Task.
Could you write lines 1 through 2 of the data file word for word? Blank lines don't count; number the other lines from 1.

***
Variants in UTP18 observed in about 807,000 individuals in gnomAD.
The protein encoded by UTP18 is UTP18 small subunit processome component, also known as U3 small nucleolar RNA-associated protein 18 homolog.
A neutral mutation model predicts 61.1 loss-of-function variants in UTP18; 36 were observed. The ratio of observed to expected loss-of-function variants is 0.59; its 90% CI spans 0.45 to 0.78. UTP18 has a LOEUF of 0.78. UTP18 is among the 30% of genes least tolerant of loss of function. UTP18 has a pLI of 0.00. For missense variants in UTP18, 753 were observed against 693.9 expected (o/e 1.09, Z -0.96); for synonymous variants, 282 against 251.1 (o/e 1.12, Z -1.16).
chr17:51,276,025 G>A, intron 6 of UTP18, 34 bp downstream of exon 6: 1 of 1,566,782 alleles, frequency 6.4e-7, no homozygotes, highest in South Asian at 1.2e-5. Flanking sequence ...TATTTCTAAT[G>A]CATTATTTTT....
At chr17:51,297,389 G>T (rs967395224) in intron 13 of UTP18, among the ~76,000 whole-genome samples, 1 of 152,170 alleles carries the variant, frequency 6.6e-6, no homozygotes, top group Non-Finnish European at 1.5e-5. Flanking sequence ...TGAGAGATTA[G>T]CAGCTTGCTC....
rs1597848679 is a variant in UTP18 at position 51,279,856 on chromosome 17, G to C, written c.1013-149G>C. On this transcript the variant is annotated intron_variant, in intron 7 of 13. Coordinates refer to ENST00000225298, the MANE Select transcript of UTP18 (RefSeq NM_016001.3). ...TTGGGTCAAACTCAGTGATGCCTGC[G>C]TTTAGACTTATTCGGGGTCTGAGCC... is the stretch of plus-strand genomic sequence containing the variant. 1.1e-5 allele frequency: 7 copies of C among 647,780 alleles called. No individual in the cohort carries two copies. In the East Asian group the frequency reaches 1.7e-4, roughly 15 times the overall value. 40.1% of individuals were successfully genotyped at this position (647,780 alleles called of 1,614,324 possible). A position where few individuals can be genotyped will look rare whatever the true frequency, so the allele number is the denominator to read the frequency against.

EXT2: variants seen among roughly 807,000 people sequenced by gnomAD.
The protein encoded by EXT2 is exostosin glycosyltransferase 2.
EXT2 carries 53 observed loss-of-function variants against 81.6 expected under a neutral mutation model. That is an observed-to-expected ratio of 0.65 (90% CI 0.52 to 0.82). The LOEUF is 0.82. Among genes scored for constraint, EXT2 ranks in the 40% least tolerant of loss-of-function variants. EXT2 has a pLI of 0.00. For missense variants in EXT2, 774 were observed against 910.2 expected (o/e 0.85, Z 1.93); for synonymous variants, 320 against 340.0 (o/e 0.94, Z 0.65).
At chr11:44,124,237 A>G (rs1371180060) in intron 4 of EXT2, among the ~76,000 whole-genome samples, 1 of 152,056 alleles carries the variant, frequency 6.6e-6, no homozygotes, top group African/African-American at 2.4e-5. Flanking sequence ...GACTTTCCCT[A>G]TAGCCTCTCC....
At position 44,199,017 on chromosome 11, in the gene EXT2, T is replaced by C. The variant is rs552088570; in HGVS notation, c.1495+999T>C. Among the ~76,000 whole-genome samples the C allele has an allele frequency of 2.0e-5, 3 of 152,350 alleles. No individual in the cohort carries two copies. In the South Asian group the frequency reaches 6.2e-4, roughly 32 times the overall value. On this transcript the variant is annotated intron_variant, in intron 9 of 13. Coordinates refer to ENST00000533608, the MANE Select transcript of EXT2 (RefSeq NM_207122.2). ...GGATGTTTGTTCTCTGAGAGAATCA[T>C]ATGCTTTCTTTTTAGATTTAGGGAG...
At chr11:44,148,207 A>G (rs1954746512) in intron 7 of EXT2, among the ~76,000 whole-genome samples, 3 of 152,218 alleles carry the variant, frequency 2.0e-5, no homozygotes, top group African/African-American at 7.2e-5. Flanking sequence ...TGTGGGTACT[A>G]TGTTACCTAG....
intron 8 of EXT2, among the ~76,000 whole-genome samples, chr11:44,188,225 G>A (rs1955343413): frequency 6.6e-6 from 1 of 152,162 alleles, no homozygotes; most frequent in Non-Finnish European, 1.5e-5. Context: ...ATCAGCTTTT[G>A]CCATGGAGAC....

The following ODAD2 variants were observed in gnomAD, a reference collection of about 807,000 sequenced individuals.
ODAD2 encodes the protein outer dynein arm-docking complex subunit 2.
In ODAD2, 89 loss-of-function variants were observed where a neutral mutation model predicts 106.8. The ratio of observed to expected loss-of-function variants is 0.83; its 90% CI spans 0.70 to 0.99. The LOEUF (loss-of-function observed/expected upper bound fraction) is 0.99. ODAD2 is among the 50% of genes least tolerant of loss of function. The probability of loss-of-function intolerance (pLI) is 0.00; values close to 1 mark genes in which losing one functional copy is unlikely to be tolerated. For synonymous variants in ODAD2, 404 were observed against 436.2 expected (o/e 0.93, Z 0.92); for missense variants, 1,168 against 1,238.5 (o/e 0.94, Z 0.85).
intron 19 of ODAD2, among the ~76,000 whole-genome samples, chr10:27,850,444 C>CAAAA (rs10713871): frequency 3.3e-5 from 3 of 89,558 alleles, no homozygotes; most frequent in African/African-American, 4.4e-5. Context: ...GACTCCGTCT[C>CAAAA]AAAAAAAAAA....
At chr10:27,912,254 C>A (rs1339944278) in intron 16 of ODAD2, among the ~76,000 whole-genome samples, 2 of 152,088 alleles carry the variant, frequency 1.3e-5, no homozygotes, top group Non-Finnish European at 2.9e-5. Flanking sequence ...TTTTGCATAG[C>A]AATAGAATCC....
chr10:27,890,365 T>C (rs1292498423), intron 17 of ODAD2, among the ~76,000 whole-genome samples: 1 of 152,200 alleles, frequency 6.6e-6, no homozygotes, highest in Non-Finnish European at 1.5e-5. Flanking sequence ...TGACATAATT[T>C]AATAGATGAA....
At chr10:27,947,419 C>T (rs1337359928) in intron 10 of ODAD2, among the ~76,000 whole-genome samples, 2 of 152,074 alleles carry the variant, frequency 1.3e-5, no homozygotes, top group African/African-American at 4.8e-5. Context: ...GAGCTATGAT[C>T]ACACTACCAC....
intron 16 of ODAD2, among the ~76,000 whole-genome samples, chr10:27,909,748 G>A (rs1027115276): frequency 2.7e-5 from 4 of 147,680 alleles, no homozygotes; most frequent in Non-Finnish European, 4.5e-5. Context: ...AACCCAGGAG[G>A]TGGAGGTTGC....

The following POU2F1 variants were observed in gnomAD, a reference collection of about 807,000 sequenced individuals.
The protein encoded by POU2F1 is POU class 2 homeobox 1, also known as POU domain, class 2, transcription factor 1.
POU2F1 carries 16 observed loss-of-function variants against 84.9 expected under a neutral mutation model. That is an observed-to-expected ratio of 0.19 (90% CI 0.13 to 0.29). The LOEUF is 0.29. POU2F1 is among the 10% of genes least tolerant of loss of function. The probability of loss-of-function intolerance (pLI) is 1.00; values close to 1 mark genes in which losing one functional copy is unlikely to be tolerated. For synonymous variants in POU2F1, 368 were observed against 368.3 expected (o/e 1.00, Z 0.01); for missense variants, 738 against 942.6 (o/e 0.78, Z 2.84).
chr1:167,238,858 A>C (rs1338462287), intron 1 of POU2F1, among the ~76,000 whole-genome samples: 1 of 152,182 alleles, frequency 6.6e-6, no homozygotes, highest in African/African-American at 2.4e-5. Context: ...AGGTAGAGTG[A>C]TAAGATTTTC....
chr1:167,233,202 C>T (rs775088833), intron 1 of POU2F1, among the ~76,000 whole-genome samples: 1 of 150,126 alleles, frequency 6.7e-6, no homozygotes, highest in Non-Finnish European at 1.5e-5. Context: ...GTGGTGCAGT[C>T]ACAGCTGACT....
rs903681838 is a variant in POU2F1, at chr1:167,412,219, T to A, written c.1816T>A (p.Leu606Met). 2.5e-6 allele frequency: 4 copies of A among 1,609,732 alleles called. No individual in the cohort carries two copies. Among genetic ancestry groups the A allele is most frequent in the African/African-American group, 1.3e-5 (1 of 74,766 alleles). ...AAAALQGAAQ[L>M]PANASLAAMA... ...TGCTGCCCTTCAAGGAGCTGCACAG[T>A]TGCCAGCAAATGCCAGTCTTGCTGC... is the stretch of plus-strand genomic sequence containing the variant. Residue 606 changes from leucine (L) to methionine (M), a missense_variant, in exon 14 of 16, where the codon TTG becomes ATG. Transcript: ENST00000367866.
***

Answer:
Variants in UTP18 observed in about 807,000 individuals in gnomAD.
The protein encoded by UTP18 is UTP18 small subunit processome component, also known as U3 small nucleolar RNA-associated protein 18 homolog.